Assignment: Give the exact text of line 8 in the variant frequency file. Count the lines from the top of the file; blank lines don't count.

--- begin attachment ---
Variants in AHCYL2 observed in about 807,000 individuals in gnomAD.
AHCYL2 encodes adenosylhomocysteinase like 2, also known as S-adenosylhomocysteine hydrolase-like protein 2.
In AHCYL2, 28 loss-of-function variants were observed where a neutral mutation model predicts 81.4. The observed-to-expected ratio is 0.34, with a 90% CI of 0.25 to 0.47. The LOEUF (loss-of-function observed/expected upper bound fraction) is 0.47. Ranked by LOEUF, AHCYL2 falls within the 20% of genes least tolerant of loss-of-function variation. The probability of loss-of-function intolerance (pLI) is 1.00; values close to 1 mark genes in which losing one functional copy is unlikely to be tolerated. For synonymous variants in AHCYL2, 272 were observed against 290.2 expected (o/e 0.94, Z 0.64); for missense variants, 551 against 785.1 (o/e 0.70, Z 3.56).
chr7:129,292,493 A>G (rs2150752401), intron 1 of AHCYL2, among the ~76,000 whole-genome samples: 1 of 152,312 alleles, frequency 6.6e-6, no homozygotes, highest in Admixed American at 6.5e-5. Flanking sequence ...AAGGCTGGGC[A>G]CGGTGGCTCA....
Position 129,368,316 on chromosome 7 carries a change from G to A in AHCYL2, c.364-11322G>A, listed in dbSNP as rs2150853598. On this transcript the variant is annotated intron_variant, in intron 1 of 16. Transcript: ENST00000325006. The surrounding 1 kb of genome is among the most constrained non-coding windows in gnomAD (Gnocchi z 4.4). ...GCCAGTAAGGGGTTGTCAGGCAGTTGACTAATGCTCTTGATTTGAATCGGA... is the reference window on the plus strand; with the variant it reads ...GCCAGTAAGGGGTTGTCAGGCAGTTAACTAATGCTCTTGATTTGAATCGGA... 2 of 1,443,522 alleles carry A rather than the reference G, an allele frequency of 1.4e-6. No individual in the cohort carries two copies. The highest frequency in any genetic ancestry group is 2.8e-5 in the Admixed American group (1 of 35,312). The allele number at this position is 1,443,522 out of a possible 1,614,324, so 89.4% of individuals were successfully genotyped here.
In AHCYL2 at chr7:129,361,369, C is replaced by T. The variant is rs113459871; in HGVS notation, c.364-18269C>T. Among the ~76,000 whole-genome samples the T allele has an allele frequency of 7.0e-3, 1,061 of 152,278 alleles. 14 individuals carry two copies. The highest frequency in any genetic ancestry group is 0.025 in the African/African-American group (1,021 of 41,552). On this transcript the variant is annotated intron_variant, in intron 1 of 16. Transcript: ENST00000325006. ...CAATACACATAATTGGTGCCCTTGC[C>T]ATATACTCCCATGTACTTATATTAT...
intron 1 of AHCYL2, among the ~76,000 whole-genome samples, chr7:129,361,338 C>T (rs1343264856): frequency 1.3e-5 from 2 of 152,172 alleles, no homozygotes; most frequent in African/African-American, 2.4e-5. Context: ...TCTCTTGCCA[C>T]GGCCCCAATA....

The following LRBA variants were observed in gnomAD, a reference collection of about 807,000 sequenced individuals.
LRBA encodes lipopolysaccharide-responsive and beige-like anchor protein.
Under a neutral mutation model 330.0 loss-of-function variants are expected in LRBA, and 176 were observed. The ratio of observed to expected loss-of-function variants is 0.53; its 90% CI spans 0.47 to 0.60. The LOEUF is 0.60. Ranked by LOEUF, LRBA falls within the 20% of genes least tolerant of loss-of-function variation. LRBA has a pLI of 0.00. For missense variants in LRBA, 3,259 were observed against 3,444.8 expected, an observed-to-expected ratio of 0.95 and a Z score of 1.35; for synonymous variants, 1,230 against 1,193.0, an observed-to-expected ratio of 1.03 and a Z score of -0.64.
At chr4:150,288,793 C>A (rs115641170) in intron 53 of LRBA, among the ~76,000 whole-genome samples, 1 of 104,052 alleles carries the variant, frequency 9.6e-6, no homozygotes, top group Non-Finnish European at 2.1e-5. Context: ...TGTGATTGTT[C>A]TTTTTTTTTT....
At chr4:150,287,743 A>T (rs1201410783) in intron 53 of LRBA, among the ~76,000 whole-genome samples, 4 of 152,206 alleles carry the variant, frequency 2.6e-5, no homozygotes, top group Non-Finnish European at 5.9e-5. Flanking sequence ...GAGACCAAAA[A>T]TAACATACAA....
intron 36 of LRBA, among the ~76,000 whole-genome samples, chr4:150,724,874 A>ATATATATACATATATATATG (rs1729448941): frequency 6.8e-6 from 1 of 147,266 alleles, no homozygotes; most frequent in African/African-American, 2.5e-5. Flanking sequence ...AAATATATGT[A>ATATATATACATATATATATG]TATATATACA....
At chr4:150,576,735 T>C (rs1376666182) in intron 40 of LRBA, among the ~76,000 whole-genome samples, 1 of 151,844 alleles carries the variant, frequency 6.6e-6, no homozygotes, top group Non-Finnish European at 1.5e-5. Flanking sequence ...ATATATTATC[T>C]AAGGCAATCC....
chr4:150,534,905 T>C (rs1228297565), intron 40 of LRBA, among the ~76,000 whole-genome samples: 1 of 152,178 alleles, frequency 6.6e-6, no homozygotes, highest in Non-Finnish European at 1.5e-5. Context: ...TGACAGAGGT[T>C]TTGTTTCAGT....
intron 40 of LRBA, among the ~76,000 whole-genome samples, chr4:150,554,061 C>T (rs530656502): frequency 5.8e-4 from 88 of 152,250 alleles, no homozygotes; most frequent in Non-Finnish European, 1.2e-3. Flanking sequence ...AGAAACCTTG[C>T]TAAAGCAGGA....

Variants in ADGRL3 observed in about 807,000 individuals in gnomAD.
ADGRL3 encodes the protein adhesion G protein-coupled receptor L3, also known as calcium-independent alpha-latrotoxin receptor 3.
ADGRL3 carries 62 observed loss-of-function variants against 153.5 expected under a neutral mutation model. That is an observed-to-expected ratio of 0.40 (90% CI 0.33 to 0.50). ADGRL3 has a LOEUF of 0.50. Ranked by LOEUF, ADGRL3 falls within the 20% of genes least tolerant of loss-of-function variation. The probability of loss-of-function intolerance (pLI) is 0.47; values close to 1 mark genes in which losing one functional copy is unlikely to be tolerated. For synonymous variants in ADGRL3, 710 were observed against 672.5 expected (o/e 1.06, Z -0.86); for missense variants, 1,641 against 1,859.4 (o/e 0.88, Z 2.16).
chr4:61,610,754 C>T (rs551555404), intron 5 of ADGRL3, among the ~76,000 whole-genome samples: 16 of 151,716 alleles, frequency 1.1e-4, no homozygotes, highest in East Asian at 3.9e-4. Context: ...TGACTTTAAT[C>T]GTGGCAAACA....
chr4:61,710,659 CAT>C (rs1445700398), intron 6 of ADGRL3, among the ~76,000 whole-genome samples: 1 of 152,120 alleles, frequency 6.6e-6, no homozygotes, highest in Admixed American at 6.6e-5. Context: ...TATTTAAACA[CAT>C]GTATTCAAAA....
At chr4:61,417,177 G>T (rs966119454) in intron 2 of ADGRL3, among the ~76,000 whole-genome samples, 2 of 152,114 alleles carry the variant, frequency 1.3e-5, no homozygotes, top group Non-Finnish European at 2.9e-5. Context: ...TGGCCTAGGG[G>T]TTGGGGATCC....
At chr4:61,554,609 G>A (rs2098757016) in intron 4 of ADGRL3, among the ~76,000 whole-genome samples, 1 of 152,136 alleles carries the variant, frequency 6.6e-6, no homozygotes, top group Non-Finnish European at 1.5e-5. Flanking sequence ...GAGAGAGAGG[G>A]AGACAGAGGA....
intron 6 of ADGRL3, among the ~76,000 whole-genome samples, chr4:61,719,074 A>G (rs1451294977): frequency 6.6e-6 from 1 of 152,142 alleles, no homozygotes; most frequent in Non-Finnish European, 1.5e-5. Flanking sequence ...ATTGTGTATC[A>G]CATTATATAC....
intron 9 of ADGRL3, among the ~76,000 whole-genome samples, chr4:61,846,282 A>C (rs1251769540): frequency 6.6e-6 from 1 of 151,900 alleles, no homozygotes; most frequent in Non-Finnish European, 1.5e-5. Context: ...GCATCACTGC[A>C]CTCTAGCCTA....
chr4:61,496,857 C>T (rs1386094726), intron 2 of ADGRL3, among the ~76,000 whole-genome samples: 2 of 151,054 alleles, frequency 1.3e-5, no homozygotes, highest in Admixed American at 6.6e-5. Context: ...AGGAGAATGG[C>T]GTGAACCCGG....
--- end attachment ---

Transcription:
The following LRBA variants were observed in gnomAD, a reference collection of about 807,000 sequenced individuals.